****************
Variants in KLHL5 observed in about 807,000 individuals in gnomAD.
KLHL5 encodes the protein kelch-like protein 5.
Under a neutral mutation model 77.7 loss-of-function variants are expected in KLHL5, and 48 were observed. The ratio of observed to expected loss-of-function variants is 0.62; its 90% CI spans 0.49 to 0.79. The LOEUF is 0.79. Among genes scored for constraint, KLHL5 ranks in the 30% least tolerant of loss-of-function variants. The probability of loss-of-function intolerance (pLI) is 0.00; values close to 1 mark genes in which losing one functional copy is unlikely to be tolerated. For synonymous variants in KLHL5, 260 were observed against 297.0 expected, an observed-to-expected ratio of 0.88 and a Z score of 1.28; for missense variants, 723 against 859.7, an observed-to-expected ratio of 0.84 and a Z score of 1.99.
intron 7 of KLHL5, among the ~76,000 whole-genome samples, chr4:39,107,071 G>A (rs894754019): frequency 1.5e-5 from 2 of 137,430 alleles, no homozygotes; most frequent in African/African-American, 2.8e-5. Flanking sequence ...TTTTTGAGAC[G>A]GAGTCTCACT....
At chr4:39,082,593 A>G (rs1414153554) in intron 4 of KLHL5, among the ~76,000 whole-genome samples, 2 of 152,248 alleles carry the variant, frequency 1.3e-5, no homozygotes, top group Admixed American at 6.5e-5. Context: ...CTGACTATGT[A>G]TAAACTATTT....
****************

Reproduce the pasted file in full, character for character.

Variants in KLHL5 observed in about 807,000 individuals in gnomAD.
KLHL5 encodes the protein kelch-like protein 5.
Under a neutral mutation model 77.7 loss-of-function variants are expected in KLHL5, and 48 were observed. The ratio of observed to expected loss-of-function variants is 0.62; its 90% CI spans 0.49 to 0.79. The LOEUF is 0.79. Among genes scored for constraint, KLHL5 ranks in the 30% least tolerant of loss-of-function variants. The probability of loss-of-function intolerance (pLI) is 0.00; values close to 1 mark genes in which losing one functional copy is unlikely to be tolerated. For synonymous variants in KLHL5, 260 were observed against 297.0 expected, an observed-to-expected ratio of 0.88 and a Z score of 1.28; for missense variants, 723 against 859.7, an observed-to-expected ratio of 0.84 and a Z score of 1.99.
intron 7 of KLHL5, among the ~76,000 whole-genome samples, chr4:39,107,071 G>A (rs894754019): frequency 1.5e-5 from 2 of 137,430 alleles, no homozygotes; most frequent in African/African-American, 2.8e-5. Flanking sequence ...TTTTTGAGAC[G>A]GAGTCTCACT....
At chr4:39,082,593 A>G (rs1414153554) in intron 4 of KLHL5, among the ~76,000 whole-genome samples, 2 of 152,248 alleles carry the variant, frequency 1.3e-5, no homozygotes, top group Admixed American at 6.5e-5. Context: ...CTGACTATGT[A>G]TAAACTATTT....